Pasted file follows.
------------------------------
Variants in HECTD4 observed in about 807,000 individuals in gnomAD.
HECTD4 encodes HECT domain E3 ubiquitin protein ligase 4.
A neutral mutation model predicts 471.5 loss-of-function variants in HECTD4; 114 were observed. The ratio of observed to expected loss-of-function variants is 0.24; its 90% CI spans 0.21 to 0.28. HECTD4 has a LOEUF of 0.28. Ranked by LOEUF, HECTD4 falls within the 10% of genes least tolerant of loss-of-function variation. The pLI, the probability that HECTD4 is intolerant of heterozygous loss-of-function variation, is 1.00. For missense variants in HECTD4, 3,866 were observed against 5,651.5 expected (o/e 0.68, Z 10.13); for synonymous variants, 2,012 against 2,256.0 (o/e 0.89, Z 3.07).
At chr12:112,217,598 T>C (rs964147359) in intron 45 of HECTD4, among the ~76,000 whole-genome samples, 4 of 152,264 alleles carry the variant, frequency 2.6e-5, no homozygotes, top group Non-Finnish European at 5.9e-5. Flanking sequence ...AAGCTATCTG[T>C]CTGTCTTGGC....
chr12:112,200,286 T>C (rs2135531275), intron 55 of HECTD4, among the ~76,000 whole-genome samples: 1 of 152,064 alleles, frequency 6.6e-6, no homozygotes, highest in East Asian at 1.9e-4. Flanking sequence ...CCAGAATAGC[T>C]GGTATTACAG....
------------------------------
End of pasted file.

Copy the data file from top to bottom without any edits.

Variants in HECTD4 observed in about 807,000 individuals in gnomAD.
HECTD4 encodes HECT domain E3 ubiquitin protein ligase 4.
A neutral mutation model predicts 471.5 loss-of-function variants in HECTD4; 114 were observed. The ratio of observed to expected loss-of-function variants is 0.24; its 90% CI spans 0.21 to 0.28. HECTD4 has a LOEUF of 0.28. Ranked by LOEUF, HECTD4 falls within the 10% of genes least tolerant of loss-of-function variation. The pLI, the probability that HECTD4 is intolerant of heterozygous loss-of-function variation, is 1.00. For missense variants in HECTD4, 3,866 were observed against 5,651.5 expected (o/e 0.68, Z 10.13); for synonymous variants, 2,012 against 2,256.0 (o/e 0.89, Z 3.07).
At chr12:112,217,598 T>C (rs964147359) in intron 45 of HECTD4, among the ~76,000 whole-genome samples, 4 of 152,264 alleles carry the variant, frequency 2.6e-5, no homozygotes, top group Non-Finnish European at 5.9e-5. Flanking sequence ...AAGCTATCTG[T>C]CTGTCTTGGC....
chr12:112,200,286 T>C (rs2135531275), intron 55 of HECTD4, among the ~76,000 whole-genome samples: 1 of 152,064 alleles, frequency 6.6e-6, no homozygotes, highest in East Asian at 1.9e-4. Flanking sequence ...CCAGAATAGC[T>C]GGTATTACAG....